What resistance was there to the formation of the NHS?

By Toliver Myers

While there are different views on specifics, the NHS now has strong cross-party support and is very popular with public. Nigel Lawson famously said "the closest thing the English have to a religion" and David Cameron spoke passionately about it.  But it was not like this. There was a fiece battle to get it established.In 1946 the Doctors voted 10:1 against.

Churchill's Tories voted against the formation of the NHS 21 times before the act was passed, including both the Second and Third reading. Churchill sincerely believed that the NHS was a"first step to turn Britain into a National Socialist economy." To compare the NHS to Nazism in 1946 shows the extremity of vies at the time.

Despite the apparent consensus, opposition to the establishment of the National Health Service (NHS) existed. Many groups, including charities, churches and local authorities didn't want the government taking control of hospitals. There was a particularly bitter battle with the London County Council over the control of hospitals in the capital. Even more serious was the opposition of doctors who disliked the idea of becoming employees of the state. Doctors were in an extremely powerful position, as without them the National Health Service (NHS) could not operate, and the government was forced to make a number of compromises. General Practitioner (GP) surgeries remained private businesses that could be bought and sold, and the NHS effectively gave these practices contracts to provide health care. Only the most senior doctors in hospitals (consultants) were allowed to continue private treatment. Similar compromises were worked out with dentists. Aneurin Bevan conceded these points in order to make the NHS work, but he was not happy with them. In a very famous speech Bevan made this very clear by stating that his Tory opponents were "lower than vermin."

That is why no amount of cajolery, and no attempts at ethical or social seduction, can eradicate from my heart a deep burning hatred for the Tory Party that inflicted those bitter experiences on me. So far as I am concerned they are lower than vermin. They condemned millions of first-class people to semi-starvation. Now the Tories are pouring out money in propaganda of all sorts and are hoping by this organised sustained mass suggestion to eradicate from our minds all memory of what we went through. But, I warn you young men and women, do not listen to what they are saying now. Do not listen to the seductions of Lord Woolton. He is a very good salesman. If you are selling shoddy stuff you have to be a good salesman. But I warn you they have not changed, or if they have they are slightly worse than they were.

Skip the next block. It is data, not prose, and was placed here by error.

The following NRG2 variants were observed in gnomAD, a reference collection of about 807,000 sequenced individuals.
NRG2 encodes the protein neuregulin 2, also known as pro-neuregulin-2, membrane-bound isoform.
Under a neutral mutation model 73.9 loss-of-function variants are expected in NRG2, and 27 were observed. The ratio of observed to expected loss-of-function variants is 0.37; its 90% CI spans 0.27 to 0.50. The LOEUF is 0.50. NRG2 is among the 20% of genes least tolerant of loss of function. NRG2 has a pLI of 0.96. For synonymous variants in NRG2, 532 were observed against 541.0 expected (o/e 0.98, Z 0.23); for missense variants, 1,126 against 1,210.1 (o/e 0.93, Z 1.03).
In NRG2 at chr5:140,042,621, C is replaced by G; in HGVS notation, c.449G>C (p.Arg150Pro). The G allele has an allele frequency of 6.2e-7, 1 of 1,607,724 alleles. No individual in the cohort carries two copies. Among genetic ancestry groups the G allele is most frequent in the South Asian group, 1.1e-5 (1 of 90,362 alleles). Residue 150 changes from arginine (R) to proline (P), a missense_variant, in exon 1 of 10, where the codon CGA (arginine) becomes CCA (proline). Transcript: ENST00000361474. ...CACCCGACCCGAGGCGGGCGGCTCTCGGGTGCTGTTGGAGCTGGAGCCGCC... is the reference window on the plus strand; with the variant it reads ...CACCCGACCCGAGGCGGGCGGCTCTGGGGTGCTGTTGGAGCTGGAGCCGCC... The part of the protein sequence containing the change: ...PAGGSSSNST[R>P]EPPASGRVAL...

Speech on 3 July 1948 at the Bellevue Hotel, on eve of the entry into force of the National Health Service.

Once Bevan had published his Bill on the health service in 1946, one former chairman of the BMA described Bevan's proposals in the following terms:

"I have examined the Bill and it looks to me uncommonly like the first step, and a big one, to national socialism as practised in Germany.

The medical service there was early put under the dictatorship of a "medical fuhrer" The Bill will establish the minister for health in that capacity."

Comparing a politician to Hitler (in 1946!!) shows how strongly the BMA felt about the issue and how widespread opposition was from Doctors:

Between 1946 and its introduction in 1948, the British Medical Association (BMA) mounted a vigorous campaign against this proposed legislation.In one survey of doctors carried out in 1948, the BMA claimed that only 4,734 doctors out of the 45,148 polled, were in favour of a National Health Service.

Photo:News Chronicle, Tues Aug 7, 1945. Doctors planned to trip up Bevan's NHS on the day the atom bomb was dropped.

News Chronicle, Tues Aug 7, 1945. Doctors planned to trip up Bevan's NHS on the day the atom bomb was dropped.

News Chronicle

Photo:David Low, 'Open Wide Please. This might hurt a little' Evening Standard (July, 1948)

David Low, 'Open Wide Please. This might hurt a little' Evening Standard (July, 1948)

Evening Standard

This page was added by Peter Daniel on 17/01/2019.

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